He went to the bathroom and showered. Weren't the Itaewon Turks Muslims? How could he tell the yangban he'd seen Jesus if Jesus was a Muslim? He felt honored that this Turkish guy had appeared to him, but in truth the whole thing was a letdown. I imagined it, he told himself. People were known to hallucinate when deprived of sleep. He decided to forget the whole thing, but in the morning he opened the fridge and saw the carton of Seoul Milk. He shut the fridge then looked at the glass in the strainer. He left his apartment for work.

He tried to write the experience off as fancy, but each time the yangban bragged of her own visitation, he thought of the Turk. As a result he finally decided to buy the yangban a Turkish ice-cream. If she was one of Jesus's special beloveds, as she claimed, she would recognize Him when she saw Him in the flesh. As the yangban was always open to being treated to dinner, he asked her to meet him at Itaewon Station Exit 3.

The Tuskish ice-cream seller was out on the sidewalk as usual, standing behind the bin of special ice-cream that required a periodic stabbing with a pointed metal stick. The Turk was always out there performing his jovial antics, rain or shine, reeling people in to try the ice-cream. Today was a sunny day.

"I heard that this ice-cream is very delicious," he said to the yangban. "I want to buy you a cone."

She looked at the Turk in his ridiculous costume and reluctantly agreed.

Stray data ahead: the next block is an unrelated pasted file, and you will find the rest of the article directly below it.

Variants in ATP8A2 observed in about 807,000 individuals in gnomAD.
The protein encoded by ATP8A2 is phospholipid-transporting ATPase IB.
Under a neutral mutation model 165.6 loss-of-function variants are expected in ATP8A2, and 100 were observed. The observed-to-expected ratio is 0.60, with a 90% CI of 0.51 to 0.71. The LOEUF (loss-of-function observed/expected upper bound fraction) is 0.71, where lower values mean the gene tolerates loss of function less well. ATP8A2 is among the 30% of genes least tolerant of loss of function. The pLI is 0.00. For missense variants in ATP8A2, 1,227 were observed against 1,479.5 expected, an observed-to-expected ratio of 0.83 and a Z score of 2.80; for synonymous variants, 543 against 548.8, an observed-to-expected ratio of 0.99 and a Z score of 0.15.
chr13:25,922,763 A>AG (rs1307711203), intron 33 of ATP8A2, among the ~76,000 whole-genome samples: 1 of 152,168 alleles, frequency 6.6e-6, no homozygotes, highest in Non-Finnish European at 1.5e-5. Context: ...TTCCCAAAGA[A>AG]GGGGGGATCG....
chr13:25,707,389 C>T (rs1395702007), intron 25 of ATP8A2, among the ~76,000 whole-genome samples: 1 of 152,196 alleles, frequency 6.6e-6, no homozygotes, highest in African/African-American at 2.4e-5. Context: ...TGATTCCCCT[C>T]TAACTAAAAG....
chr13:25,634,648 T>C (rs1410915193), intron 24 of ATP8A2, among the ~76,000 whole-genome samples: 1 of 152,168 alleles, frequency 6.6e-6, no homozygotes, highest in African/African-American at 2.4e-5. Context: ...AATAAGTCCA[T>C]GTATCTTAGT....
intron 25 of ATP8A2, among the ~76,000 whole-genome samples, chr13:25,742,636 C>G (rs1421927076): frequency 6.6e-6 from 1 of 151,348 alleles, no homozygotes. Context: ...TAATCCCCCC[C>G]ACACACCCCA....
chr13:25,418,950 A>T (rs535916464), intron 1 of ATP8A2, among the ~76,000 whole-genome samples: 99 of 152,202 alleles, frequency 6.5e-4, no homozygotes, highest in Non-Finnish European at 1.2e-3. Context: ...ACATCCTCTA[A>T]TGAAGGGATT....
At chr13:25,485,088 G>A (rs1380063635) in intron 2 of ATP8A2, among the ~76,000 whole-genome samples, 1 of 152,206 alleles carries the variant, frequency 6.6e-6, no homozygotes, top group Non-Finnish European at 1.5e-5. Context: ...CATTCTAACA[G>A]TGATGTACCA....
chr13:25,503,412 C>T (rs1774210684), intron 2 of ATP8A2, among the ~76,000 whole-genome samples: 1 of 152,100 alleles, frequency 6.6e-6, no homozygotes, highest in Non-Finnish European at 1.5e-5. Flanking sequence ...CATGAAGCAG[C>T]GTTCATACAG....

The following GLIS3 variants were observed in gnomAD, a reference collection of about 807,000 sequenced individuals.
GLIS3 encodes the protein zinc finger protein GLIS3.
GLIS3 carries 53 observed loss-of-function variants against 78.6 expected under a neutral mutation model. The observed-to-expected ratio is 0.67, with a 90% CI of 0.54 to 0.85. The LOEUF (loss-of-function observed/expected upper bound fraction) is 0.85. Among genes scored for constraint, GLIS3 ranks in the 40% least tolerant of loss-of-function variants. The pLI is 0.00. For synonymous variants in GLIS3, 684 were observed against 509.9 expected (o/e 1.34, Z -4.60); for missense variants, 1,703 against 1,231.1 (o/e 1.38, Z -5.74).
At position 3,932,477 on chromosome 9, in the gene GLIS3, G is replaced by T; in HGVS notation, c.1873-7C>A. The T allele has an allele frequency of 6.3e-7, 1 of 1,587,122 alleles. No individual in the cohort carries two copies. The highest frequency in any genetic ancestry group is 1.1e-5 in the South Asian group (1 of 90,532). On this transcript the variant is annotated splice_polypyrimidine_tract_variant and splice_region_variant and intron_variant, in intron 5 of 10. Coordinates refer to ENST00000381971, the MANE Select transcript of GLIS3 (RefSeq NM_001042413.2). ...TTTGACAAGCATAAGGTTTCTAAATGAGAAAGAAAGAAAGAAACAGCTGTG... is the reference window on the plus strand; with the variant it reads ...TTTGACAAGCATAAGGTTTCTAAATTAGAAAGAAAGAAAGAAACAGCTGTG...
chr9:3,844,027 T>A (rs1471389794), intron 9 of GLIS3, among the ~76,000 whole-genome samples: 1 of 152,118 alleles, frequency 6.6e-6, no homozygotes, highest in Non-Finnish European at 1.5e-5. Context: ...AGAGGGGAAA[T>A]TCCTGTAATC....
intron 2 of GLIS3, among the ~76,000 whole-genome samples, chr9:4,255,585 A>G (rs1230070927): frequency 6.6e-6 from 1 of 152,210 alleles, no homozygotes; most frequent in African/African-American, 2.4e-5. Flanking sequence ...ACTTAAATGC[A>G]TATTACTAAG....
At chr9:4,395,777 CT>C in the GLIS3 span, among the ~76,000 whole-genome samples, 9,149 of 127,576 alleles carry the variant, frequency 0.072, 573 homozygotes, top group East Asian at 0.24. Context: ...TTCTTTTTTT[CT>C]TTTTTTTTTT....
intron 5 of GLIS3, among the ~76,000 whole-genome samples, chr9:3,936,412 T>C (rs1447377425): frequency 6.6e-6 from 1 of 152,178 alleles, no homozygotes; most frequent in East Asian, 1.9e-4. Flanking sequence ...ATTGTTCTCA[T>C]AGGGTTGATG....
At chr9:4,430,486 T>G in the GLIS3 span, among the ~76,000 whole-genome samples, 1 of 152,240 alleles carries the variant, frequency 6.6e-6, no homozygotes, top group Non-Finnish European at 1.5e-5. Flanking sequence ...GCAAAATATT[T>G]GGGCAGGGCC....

They went over there and he watched the Turk closely. "So happy to see you," the Turk said in Korean. He fixed up the yangban's ice-cream cone and held it out to her on the end of His metal rod. As was His custom, when she reached for it, He flipped the cone upside down so that she couldn't grab it. The yangban, only vaguely familiar with the trick, yelped. She reached for it several times, and the tricks continued. Finally He held it out to her with His hand and she grabbed it, but He left her with only a cone, for the cones had been stacked one within the other. Then He pretended to jab the ball of Turkish ice-cream against the yangban's pale bubbled forehead. Again she let out a yelp. The Turk packed a bit more ice-cream on her cone and, bowing to indicate He'd finally stopped messing with her, handed it over.

Well, maybe this guy is not Jesus. It was a relief. He'd carried a lot of anxiety inside over the thing. He was glad that he'd been brave and had come here to find out, only right after he paid, the Turk winked and ran his purple tongue over his lips in the manner he'd done when licking the milk away at his apartment that night. The hope that Jesus had only been using the man's body, temporarily in order to carry out some business, vanished. "Have a nice evening," the Turk said.